ActivePaper Archive Two million people likely at largest funeral ever - Irish Independent 1905-current, 04/04/2005

Two million people likely at largest funeral ever


A Cuban woman wipes tears from her eyes while attending Mass for the pope at the Cathedral of Havana yesterday, while two Polish girls (right) pray in Zakopane, Poland.


AT least two million people, and what is expected to be a record showing from heads of state, are likely to make the Pope’s funeral later this week, the largest ever ceremony of its kind.

Vatican officials organising the solemn and highly elaborate ceremony believe it cannot be held before Thursday.

The Pope’s lengthy illness has given the Holy See considerable time to think ahead about how to organise an event which was previously considered by Vatican officials as bad taste to discuss publicly.

The Camerlengo, or chamberlain, Cardinal Eduardo Martinez Somalo < the 78-year-old Spanish prelate effectively in charge of the Vatican until a new pope is elected at the conclave of cardinals < is arranging the funeral in accordance with the Pope’s wishes.

He is the man who formally ascertained the death of John Paul and filled in the death certificate, breaking the pontiff’s ring and seal and sealing off his private study and bedroom in his apartment above St Peter’s Square afterwards.

The Pope’s body has been dressed and yesterday it was displayed to the Vatican diplomatic corps and the Roman Curia, the central government of the Church.

He will be laid out in St Peter’s Basilica today for the faithful to file past and venerate as they see fit.

The La Stampa daily newspaper reported that the Pope’s body will not be embalmed to prevent decay during its veneration.

The newspaper quoted the Rome mortuary technician dealing with John Paul II’s body before burial, Massimo Signoracci, as saying he will treat the cadaver with ‘‘a light ‘preservation’ with injections”.

Mr Signoracci is the heir to the two famed Signoracci brothers who dealt with the corpses of popes Pius XII, John XXIII, Paul VI and John Paul I.

Cardinal Josef Ratzinger, the Dean of the College of Cardinals, will preside over the Missa Poenitentialis ceremony to be celebrated by all other “Princes of the Church”.

According to Holy See protocol, which is rigidly adhered to in the tiny Vatican City state, so as to ensure continuity between popes, the funeral marks the start of the Novendial, or nine days of funeral celebrations and mourning.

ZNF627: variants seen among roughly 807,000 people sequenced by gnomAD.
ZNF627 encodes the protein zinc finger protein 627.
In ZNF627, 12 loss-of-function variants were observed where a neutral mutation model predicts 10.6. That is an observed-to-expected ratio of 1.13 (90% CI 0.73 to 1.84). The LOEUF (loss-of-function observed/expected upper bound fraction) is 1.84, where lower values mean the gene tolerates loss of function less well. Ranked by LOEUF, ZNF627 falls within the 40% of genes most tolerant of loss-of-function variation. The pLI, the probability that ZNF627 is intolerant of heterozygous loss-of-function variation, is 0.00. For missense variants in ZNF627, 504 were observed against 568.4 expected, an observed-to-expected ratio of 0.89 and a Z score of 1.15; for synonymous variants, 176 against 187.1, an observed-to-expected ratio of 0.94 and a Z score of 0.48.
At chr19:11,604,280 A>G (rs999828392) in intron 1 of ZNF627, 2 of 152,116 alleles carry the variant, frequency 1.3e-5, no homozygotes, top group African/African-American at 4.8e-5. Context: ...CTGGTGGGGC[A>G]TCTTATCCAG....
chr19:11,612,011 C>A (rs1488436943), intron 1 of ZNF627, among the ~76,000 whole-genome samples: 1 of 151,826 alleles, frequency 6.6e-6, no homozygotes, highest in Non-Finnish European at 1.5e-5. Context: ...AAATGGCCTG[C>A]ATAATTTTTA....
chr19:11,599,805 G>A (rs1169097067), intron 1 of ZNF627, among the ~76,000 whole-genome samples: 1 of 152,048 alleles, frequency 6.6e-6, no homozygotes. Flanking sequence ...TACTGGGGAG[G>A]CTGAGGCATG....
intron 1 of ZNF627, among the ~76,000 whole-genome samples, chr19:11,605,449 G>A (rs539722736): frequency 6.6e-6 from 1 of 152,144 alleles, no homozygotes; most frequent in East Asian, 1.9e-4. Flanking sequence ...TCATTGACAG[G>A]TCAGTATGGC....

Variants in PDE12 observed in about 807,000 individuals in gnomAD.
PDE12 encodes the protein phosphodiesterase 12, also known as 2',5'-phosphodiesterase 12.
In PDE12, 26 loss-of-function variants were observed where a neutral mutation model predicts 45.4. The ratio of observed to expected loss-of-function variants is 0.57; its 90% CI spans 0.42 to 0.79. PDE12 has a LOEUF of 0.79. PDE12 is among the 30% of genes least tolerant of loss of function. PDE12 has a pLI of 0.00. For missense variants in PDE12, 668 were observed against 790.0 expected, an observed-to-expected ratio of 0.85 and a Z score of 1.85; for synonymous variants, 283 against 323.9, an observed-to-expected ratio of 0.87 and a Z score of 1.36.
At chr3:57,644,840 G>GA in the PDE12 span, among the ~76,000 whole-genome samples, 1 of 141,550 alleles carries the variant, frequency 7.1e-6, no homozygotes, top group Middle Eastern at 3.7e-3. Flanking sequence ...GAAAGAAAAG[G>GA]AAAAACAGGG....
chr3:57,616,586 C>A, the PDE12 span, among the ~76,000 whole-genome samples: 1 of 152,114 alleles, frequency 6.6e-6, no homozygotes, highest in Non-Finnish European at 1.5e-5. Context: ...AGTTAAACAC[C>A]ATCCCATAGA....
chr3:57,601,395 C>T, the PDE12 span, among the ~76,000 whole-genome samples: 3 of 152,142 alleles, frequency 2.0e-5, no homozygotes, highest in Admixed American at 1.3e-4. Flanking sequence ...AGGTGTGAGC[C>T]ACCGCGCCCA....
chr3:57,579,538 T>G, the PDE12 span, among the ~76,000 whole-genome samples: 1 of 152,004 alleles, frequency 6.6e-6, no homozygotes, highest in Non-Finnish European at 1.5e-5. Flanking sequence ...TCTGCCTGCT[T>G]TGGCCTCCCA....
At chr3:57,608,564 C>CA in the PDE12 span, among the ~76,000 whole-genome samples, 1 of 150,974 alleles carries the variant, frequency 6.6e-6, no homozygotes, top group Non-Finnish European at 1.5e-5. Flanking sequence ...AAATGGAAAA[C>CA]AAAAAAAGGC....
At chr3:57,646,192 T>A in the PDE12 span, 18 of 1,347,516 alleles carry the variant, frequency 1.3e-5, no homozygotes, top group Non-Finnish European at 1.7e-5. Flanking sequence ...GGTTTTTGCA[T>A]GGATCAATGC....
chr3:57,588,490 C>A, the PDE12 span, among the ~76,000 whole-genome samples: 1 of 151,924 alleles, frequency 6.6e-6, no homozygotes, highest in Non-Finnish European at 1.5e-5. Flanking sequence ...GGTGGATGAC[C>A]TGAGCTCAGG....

The apostolic Constitution, the Universi Dominici Gregis, set up by the Pope himself in 1996, states that the funeral is to ‘‘take place, e x c e p t f o r s p e c i a l r e a s o n s , between the fourth and sixth day after death”.

St Peter’s Square and surrounding streets were blocked off yesterday, with traffic snarled in surrounding districts for hours as tens of thousands of ordinary Romans, pilgrims and tourists attended an outdoor suffrage Mass for John Paul.

The manner in which the day unfolded underlined the logistical headaches facing authorities in the Eternal City in preparing for the funeral itself.

A special mixed commission is being set up between the Holy See and the Italian state to manage the event.

Early predictions were that at least two million people would attend the funeral.

Italian newspapers noted that immediately after John Paul’s death, the Vatican got off to a quick start with the formal rites traditionally carried out after a pontiff expires.

After the funeral, the Polish Pope’s body will be closed inside a coffin with an outer wall of walnut, a middle lining of lead and a third, interior lining of cypress wood.

In the past there has been intermittent speculation that John Paul II might have wanted to be buried at the Wawel Cathedral at Krakow in his homeland.

But Vatican sources say that he almost certainly will be buried in the grotto under St Peter’s Basilica where nearly all pontiffs have been laid to rest. (C Independent News Service)